If any of the above points makes you think I'm somehow abnormal or perverted, perhaps you could think where that idea comes from. You should realize that the reasons behind are completely arbitrary in the same way as your favourite colour. Yours is probably different from mine, but it's not a reason for me to think you are perverted.
Most of the world's problems could be solved if people only would think and use common sense rather than sticking to old customs long devoid of function. It's as simple as 1,2,5.
Yes, the looks are just the icing on the cake. Which is the only thing directly visible to the outside. It's somewhat of a paradox that, while I think "don't judge the dog by its hair" I also admit that first impressions are very important. Personally I want to give the impression of a free individual, full of energy and ideas, and open to new ideas.
We could start with the axiom that everyone must wear clothes. It's of course not true in many situations, but serves as a simple starting point in most. It means that we must make choices what to wear. Personally, I refuse to buy a new piece of clothing if it is not absolutely cool. It would be a waste of money to get something boring. Since I have to wear something, I could just as well do it my way rather than somebody else's - exactly what I do in other walks of life.
Whenever I see a scientist, an artist or some other very creative person, dressed in a generic Western suit, I think "Now that's a contradiction!" Of course, a contradiction as such can be an interesting effect. But I want others to see that I'm a creative individual, without having to tell them the whole of my life story.
Sometimes people ask 'stupid' questions when one is dressed in a way that is recognized as one belonging to a culture or a nation. The obvious example I've come across is the kilt. They ask me if I'm Scottish and it seems they expect some excuse if I'm not. Now, just because the Scots in their great wisdom happened to invent The Kilt, has no logical implication that only Scots should be wearing it. On the contrary, we could easily assert the T-shirt as an American invention and insist that everyone wearing a T-shirt must be American. *BANG* another logic bomb.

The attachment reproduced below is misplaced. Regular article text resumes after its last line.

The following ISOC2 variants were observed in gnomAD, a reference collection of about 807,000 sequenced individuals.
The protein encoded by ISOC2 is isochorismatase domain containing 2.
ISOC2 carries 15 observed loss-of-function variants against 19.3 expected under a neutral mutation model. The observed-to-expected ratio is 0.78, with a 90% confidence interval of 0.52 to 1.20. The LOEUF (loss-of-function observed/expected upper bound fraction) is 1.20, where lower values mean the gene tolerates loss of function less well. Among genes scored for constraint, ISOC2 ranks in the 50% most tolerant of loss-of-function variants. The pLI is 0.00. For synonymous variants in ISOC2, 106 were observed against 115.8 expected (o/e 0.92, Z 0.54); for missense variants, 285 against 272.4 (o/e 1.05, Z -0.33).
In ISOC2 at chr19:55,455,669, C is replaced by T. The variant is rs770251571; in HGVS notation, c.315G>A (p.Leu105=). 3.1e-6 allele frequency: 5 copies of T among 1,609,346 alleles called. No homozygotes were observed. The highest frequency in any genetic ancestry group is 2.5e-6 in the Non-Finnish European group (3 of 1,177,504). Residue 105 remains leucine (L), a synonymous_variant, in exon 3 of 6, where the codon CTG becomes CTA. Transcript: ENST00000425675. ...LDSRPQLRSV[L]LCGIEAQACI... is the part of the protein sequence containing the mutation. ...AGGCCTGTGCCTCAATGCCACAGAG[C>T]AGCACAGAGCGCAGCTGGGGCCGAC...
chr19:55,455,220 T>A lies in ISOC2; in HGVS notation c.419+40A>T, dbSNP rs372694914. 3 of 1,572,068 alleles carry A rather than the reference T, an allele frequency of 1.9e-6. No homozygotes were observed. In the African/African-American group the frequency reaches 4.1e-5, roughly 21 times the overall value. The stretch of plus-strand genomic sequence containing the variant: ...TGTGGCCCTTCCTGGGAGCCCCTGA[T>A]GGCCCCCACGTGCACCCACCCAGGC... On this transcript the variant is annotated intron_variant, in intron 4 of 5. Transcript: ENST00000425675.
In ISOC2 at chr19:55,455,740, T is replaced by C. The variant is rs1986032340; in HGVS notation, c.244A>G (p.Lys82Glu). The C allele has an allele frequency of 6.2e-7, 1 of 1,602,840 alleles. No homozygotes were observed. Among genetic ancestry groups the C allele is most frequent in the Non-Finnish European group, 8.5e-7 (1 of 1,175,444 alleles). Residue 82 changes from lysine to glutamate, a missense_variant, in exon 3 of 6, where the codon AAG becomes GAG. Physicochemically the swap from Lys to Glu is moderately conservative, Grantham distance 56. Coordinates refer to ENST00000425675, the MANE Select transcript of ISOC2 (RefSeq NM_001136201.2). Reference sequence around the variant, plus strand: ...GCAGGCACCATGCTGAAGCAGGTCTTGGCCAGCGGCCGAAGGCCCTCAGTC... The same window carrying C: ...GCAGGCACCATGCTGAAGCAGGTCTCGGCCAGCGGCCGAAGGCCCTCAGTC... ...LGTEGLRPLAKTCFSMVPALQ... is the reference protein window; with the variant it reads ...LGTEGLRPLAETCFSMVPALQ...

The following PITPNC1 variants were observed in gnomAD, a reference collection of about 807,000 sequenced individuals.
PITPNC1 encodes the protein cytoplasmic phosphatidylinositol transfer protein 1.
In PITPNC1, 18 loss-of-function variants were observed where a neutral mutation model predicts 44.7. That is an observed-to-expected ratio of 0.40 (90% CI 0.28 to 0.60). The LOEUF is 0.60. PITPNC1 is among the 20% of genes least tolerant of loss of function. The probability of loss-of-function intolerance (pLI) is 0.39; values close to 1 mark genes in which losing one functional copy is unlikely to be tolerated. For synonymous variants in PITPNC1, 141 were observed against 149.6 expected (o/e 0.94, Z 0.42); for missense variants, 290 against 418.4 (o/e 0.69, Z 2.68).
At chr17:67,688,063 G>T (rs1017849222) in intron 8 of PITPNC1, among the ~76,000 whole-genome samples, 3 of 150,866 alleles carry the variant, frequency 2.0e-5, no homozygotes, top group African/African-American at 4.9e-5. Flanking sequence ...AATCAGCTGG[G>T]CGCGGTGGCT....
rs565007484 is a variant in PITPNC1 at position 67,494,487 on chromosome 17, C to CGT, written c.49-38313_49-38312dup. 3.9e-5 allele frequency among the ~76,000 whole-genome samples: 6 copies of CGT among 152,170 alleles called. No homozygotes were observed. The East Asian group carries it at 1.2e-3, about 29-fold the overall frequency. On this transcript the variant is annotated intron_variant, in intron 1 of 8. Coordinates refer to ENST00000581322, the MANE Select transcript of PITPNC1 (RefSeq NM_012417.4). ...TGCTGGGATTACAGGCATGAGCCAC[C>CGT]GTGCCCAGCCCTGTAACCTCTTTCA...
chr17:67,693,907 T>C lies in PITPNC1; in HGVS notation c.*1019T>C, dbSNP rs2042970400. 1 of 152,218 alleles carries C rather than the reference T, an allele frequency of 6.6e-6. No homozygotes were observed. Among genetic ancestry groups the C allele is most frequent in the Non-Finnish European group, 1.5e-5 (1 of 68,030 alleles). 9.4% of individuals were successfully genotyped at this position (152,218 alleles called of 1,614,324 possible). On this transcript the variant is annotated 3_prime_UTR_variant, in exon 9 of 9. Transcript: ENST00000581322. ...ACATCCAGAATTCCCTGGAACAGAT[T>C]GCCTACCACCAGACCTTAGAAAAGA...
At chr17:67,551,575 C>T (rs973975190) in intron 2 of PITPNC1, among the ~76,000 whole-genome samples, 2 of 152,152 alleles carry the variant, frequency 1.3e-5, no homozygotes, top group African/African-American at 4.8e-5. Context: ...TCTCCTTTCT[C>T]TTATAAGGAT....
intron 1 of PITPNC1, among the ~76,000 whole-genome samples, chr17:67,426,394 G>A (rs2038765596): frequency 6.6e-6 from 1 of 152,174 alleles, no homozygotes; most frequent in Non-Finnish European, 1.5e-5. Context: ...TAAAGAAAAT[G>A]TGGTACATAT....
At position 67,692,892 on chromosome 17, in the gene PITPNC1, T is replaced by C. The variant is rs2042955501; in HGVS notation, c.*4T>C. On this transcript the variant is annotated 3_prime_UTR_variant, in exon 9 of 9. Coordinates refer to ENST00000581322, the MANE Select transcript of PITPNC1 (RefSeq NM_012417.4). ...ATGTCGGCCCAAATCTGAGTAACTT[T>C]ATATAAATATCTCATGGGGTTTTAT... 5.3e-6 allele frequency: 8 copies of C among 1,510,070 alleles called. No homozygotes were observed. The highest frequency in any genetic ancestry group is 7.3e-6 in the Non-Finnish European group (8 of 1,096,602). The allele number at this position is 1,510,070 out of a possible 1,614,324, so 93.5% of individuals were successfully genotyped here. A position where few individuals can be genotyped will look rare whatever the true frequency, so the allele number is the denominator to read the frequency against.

This got really interesting around the Xmas of 2001 when I was wearing the kilt at home (at my parents' place, that is). My dad was making a debate over the idea that I'm not a Scot so how can I wear one. I explained him about the general progression of fashion, that someone invents something somewhere, and if it's cool it will be adopted in other places as well.
The interesting bit was when we discussed my plans of wearing a Finnish national dress at my graduation. I fancied one of Pohjanmaa with dark colors, vertical lines, and the almighty knife, but I thought I should rather take one of Savo, my home province. Dad was quick to point out that, if the Pohjanmaa dress was so cool, it could just as well be adopted by a person of Savo! Of course there are other issues for me choosing the Savo dress but it's neat how he used my own logic against myself.
Back to the general clothing issue: it's a really practical way of testing and developing your thinking. It's hard to describe the feeling of confidence and moral freedom of being a skirtman in public.
You can't just break loose like that, at the snap of your fingers. Or maybe some of you can .. a friend of mine once snapped his fingers to blisters, but that has little to do with this :-).